State pays debts w/ paper money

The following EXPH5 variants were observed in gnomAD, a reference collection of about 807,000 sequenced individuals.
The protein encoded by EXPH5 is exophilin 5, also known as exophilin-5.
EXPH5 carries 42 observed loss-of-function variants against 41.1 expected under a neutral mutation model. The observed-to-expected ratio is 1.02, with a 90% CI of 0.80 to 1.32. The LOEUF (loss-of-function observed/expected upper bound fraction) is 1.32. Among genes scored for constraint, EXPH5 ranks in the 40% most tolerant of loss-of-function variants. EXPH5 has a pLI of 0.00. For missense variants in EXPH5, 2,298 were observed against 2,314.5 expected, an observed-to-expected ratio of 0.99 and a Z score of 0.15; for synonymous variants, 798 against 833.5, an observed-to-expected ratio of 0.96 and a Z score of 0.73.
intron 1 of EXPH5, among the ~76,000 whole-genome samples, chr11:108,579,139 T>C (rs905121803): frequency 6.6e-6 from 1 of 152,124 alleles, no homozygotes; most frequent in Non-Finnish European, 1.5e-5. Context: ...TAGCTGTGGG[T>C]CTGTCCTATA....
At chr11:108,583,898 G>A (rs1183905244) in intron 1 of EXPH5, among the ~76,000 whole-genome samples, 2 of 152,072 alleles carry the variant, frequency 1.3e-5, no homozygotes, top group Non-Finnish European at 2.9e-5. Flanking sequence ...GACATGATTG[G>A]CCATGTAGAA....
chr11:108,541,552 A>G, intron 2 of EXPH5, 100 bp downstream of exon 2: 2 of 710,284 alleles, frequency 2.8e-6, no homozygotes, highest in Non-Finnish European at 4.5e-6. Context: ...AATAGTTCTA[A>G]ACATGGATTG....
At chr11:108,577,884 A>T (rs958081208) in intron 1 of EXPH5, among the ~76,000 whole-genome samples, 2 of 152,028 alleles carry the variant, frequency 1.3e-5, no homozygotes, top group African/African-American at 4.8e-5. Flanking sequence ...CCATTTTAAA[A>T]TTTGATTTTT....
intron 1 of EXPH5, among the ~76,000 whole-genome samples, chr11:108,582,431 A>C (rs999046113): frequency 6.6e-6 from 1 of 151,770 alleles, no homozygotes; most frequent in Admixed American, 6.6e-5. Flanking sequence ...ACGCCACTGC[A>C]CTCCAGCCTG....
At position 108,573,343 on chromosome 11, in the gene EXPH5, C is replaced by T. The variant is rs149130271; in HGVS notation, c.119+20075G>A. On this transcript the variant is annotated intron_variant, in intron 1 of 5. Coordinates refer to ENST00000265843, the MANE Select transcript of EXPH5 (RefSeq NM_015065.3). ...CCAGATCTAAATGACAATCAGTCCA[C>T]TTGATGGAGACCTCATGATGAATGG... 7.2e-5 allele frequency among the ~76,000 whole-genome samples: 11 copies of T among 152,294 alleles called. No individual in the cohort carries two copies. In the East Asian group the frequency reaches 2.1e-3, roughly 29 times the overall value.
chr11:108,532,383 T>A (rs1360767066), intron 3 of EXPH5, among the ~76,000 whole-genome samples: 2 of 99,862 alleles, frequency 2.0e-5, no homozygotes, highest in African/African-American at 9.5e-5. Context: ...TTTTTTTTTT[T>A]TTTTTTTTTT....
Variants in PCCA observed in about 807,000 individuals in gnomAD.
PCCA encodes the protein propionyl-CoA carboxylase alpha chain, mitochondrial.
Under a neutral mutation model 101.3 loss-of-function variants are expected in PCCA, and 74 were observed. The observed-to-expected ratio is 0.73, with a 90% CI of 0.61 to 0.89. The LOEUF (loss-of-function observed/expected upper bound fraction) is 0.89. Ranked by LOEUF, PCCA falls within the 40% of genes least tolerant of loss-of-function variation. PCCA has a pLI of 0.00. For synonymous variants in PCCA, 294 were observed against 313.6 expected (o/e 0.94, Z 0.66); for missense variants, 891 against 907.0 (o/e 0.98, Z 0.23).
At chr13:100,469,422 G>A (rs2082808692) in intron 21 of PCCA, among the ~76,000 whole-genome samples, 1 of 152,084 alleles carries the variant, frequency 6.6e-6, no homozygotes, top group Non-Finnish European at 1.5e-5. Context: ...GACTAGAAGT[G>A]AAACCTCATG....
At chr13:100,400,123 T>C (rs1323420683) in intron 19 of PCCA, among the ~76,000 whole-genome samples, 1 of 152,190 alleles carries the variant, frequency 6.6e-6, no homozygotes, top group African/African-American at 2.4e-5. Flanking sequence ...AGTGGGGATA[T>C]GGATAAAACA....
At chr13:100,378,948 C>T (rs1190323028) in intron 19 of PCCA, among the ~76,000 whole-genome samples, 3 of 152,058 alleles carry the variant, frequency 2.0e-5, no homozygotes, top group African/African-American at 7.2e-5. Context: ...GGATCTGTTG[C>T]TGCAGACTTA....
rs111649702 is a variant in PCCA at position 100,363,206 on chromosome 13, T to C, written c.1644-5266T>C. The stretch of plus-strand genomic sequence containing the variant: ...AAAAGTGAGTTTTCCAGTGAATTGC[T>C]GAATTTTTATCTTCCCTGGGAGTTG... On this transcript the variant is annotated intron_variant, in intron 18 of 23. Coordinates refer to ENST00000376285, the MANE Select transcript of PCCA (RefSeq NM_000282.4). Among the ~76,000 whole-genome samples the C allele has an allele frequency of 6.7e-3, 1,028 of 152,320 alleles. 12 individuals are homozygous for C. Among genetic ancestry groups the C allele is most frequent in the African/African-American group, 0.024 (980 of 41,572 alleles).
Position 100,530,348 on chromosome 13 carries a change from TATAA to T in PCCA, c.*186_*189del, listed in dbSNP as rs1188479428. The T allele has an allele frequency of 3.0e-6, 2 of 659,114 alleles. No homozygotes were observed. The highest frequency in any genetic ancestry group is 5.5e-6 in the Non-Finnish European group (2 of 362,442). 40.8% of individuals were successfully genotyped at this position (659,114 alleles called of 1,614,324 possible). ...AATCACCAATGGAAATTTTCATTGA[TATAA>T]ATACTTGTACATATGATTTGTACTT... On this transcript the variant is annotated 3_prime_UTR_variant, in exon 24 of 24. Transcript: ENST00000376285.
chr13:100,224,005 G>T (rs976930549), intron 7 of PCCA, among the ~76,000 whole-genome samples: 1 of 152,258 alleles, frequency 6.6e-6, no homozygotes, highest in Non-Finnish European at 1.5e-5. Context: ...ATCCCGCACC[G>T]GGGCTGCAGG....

The case of a State which pays off its own debts with paper money, no more resembles this than do those to which we have already adverted. The Courts have no jurisdiction over the contract. They cannot enforce it, nor judge of its violation. Let it be that the act discharging the debt is a mere nullity and that it is still due. Yet the federal Courts have no cognizance of the case. But suppose a State to institute proceedings against an individual, which depended on the validity of an act emitting bills of credit: suppose a State to prosecute one of its citizens for refusing paper money, who should plead the constitution in bar of such prosecution. If his plea should be overruled, and judgment rendered against him, his case would resemble this; and, unless the jurisdiction of this Court might be exercised over it, the constitution would [19 U.S. 264, 404] be violated, and the injured party be unable to bring his case before that tribunal to which the people of the United States have assigned all such cases. Cohens v. Virginia, 19 U.S. 264, 403-404 (1821).
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